One explanation for the absence of a stronger provenance effect relates to the dramatic changes in plant distribution that have occurred between glacial and interglacial periods in New Zealand (McGlone, Mildenhall & Pole 1996). Major contractions and expansions in the range of the mistletoes and their host over the past 2–3 million years have probably limited the amount of genetic segregation that has occurred, and resulted in the absence of strong patterns in host provenance susceptibility to mistletoe infection. The lack of host specialization in two other New Zealand mistletoes, Ileostylus micranthus and Tupeia antarctica, has also been attributed to the dramatic climatic upheavals of the past 2–3 million years (Norton & de Lange 1999). However, the absence of a strong provenance effect may also be due to shortcomings in the experimental design. While a common garden experiment ensured that all host trees and mistletoes were subjected to the same environmental conditions, the conditions at the Rangiora study site may have favoured some host provenances over others. However, the absence of any significant correlation in the order of provenances in germination or establishment within and between mistletoe species suggests that any such effect was weak. Nonetheless, it may be helpful if future studies of host provenance effects on mistletoe establishment utilize reciprocal transplant experiments (Rödl & Ward 2002).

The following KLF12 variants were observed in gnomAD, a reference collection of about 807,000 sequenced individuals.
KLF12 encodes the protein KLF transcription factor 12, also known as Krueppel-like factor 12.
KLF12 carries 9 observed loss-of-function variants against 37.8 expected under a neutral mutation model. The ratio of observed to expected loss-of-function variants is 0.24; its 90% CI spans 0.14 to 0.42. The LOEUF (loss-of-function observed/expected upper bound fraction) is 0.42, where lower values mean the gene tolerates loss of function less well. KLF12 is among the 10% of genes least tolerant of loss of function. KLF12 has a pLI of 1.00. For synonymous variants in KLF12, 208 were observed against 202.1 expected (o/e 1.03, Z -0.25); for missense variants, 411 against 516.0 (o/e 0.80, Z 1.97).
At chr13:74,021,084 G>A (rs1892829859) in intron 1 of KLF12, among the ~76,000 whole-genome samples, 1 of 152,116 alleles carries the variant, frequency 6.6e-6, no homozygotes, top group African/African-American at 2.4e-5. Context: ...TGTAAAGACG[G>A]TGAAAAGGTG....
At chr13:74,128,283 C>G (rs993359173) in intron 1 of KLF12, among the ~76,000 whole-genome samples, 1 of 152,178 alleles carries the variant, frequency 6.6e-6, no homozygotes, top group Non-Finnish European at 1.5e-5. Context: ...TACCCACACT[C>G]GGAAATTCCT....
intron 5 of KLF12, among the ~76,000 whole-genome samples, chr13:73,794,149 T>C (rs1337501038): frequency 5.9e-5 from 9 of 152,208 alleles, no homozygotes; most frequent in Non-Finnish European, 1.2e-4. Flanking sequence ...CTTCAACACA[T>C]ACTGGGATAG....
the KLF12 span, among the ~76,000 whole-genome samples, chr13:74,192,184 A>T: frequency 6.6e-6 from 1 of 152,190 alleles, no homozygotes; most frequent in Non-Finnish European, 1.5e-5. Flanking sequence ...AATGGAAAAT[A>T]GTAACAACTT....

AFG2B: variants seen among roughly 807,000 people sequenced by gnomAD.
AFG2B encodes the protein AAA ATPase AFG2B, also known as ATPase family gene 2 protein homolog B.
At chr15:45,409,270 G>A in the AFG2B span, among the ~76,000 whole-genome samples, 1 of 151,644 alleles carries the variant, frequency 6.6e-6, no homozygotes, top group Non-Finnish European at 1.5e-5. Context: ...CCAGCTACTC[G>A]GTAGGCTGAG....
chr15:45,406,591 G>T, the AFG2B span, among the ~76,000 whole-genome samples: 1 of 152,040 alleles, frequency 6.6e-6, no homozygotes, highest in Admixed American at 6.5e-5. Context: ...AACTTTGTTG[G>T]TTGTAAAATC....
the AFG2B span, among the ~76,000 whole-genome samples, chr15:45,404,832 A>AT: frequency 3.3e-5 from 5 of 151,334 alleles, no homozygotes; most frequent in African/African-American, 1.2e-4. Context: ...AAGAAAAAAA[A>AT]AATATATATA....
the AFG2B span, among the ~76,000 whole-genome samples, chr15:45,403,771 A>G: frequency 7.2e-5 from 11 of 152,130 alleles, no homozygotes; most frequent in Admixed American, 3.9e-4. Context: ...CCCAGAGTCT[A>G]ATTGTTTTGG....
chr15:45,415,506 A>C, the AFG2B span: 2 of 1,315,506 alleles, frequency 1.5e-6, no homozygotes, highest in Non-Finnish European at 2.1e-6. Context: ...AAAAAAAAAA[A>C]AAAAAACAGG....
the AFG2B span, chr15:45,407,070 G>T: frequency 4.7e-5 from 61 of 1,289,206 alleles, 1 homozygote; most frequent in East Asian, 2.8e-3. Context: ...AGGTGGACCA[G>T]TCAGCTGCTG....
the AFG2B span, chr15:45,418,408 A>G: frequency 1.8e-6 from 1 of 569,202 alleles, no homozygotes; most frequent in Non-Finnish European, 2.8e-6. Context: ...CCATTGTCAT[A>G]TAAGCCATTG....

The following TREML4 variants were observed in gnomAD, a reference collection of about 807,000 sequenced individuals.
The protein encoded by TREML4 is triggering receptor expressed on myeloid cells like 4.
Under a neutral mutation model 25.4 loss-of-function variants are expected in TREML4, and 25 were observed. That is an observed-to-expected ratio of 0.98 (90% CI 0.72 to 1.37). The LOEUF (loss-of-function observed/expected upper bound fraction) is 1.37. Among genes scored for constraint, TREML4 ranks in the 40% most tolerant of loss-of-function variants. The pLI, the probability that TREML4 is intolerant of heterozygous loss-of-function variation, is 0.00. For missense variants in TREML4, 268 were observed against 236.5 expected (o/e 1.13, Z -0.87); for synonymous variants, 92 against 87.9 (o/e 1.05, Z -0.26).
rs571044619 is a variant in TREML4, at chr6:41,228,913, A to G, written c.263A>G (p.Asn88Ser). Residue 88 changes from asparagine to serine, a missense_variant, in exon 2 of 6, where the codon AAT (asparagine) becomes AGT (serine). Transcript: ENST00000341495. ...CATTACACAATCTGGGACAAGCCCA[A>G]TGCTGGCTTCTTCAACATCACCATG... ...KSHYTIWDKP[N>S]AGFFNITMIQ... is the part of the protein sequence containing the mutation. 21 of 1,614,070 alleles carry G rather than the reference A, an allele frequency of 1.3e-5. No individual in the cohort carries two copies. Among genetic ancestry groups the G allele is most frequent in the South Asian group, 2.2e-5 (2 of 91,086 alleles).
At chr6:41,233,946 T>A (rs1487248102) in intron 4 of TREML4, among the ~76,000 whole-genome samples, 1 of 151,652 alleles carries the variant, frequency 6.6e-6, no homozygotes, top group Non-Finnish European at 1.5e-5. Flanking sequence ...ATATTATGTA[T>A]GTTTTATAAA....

The only factor that was significant for establishment of both mistletoe species was the effect of trees within provenances. This was an unexpected result, although a significant tree effect was also found in two studies of mistletoe establishment on different-sized branches (Norton & Ladley 1998; Sargent 1995). Field-based studies have suggested that differences in establishment between trees may reflect aspects of bird behaviour (such as greater within-tree than between-tree dispersal; Overton 1994). However, by hand-planting mistletoe seeds we eliminated any between-tree disperser behaviour influence on mistletoe establishment. Between-tree differences may therefore reflect differences in tree quality from the perspective of the establishing mistletoe (for example, with respect to availabilities of key resources such as water and nutrients, or genetic differences relating to host resistance to mistletoe infection; Reid et al. 1995).